Rudnick & Jones (1982) first pointed out that the GPS sources tend to have low centimeter-wavelength polarization. Further observations (Pearson & Readhead 1988; Rusk 1988; O'Dea et al. 1990b; Aller, Aller, & Hughes 1992; Stanghellini et al. 1998b) have firmly established that GPS sources have very low integrated polarization (~ 0.2% at 6 cm). At present, there are not many high-frequency ( 8.4 GHz) measurements, so the frequency dependence of the polarization is not known. High-frequency polarization measurements of the GPS sources would be very useful. The low integrated polarizations could be due to (1) cancellation of polarization due to vector averaging of polarizations with different orientations in different components, (2) a very tangled magnetic field, and (3) large Faraday depths in or around the radio source. Cawthorne et al. (1993a, 1993b) have obtained polarization VLBI measurements of several GPS sources from the Pearson-Readhead sample. They find that the galaxies 0108+388, 0153+744, 2021+614, and 2352+495 (even the bright core component) are unpolarized; however, the quasar 0711+356 is 2.5% polarized. Stanghellini et al. (1998a) report 15 GHz VLBI observations, which reveal that OQ 208 and 0500+019 are unpolarized. The lack of high polarization in individual components in the sources argues against (1) as an explanation. Cawthorne et al. (1993a) also favor high Faraday depths as the explanation for the low polarization in the GPS galaxies.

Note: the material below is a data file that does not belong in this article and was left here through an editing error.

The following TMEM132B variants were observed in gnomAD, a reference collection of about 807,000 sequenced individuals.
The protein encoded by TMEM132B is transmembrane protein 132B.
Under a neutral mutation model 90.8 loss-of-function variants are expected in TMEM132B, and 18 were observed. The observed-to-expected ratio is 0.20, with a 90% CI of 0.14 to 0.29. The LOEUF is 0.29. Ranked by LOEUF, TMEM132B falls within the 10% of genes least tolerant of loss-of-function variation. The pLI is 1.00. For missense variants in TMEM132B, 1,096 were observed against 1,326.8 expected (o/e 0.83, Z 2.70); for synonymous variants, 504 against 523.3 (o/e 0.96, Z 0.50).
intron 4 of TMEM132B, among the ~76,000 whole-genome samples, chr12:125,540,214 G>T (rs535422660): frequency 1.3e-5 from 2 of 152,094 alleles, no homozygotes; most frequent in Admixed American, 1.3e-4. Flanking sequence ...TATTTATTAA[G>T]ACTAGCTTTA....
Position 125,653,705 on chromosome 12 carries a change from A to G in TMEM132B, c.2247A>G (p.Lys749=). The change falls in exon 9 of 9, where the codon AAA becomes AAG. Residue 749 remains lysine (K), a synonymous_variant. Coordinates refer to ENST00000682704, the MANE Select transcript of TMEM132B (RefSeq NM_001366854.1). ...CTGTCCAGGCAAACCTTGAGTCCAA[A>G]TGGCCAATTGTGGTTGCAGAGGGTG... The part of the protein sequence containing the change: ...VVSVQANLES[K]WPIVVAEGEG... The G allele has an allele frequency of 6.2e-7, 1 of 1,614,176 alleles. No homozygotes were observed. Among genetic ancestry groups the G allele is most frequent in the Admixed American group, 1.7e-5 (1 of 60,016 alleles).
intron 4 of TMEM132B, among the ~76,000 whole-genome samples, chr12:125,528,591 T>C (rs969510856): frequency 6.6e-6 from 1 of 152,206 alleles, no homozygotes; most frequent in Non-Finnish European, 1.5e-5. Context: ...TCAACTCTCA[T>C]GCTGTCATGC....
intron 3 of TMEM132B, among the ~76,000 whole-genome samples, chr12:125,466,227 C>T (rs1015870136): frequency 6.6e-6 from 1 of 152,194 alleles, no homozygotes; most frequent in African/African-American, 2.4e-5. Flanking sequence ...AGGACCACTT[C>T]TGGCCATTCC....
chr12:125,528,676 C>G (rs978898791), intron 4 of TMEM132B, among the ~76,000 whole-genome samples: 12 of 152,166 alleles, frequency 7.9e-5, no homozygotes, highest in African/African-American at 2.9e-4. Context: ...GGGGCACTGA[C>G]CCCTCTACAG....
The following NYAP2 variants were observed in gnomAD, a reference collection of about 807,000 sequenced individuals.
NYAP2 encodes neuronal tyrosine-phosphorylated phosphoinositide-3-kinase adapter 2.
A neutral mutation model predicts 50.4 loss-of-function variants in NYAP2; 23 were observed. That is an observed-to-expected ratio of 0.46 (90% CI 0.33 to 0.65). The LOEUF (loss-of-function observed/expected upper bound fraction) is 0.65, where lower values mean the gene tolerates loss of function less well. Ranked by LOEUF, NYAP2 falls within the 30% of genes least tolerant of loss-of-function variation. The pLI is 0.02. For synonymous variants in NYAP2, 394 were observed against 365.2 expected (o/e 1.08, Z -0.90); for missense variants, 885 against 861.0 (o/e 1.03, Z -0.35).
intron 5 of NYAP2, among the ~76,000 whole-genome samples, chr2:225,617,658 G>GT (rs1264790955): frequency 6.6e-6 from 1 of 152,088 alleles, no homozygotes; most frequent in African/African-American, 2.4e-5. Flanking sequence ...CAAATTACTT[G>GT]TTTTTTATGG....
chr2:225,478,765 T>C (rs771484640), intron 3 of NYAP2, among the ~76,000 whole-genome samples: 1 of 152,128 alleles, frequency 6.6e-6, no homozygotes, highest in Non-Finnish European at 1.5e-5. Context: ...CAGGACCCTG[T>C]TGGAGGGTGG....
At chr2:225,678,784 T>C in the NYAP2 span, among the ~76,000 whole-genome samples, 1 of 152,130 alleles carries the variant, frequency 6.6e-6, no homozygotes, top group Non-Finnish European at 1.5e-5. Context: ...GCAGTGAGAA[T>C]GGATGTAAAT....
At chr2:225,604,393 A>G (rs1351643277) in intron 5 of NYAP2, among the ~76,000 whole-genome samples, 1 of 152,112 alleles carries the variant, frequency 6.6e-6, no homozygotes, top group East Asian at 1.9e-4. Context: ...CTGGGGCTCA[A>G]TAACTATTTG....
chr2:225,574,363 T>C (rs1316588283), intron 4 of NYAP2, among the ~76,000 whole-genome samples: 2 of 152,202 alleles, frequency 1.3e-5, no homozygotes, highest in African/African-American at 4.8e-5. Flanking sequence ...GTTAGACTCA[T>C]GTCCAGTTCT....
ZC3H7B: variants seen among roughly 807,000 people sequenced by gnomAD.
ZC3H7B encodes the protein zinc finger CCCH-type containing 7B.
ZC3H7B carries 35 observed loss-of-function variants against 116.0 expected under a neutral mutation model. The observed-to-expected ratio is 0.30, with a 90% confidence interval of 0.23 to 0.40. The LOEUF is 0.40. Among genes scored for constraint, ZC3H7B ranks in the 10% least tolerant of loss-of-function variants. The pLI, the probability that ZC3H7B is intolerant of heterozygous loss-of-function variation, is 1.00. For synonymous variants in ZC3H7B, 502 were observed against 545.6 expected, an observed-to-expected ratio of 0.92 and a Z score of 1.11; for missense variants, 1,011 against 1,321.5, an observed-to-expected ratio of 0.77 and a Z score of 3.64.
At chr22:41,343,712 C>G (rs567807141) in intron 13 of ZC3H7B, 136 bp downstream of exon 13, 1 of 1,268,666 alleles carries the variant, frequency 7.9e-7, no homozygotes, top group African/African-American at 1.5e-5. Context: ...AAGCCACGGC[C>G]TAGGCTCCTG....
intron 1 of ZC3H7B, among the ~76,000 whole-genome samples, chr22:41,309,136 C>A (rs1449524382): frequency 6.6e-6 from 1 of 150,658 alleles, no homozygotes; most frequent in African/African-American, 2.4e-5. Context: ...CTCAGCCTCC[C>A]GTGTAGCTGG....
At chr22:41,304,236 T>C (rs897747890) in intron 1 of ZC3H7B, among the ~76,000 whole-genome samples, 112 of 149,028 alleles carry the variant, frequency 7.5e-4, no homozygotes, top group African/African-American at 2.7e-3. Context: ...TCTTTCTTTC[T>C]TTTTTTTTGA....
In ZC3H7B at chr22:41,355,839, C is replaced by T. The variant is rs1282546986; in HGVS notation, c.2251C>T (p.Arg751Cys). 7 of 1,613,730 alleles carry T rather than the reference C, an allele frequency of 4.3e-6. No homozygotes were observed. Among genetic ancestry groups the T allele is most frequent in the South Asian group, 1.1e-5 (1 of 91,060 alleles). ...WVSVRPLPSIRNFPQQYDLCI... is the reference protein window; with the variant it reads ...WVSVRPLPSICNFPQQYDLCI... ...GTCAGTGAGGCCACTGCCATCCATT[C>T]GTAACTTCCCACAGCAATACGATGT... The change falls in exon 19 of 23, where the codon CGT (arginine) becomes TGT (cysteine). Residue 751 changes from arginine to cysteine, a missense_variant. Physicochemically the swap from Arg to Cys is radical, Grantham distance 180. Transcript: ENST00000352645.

The fractional polarizations of the CSS sources tend to be higher than those of the GPS sources (~ 1%-3% at 6 cm) and higher still (~ 6%-7%) at higher frequencies (van Breugel et al. 1984a, 1992; Saikia, Singal, & Cornwell 1987; Mantovani et al. 1994; Sanghera et al. 1995; Akujor & Garrington 1995). Some sources show a polarization asymmetry where the polarization tends to be higher on the side with the jet in the quasars and the side farthest from the nucleus in the galaxies (Mantovani et al. 1994; Akujor & Garrington 1995; Lüdke et al. 1996), consistent with the Laing-Garrington effect (Laing 1988; Garrington et al. 1988).
The fact that the polarization increases with increasing frequency (in the CSS sources) suggests that large Faraday depths are responsible for the depolarization between 15 and 5 GHz rather than magnetic field geometry.
There is some evidence that the CSS quasars are more highly polarized than the galaxies at 6 cm (Saikia et al. 1987; Sanghera et al. 1995). However, Akujor & Garrington (1995) find that quasars and galaxies have a similar distribution of fractional polarization at 3.6 cm. These conflicting results may mean that the final answer is not yet in, or it may mean that the galaxies depolarize more than the quasars. In this case, at higher frequencies, when the sources are more Faraday thin, the differences in polarization should become smaller.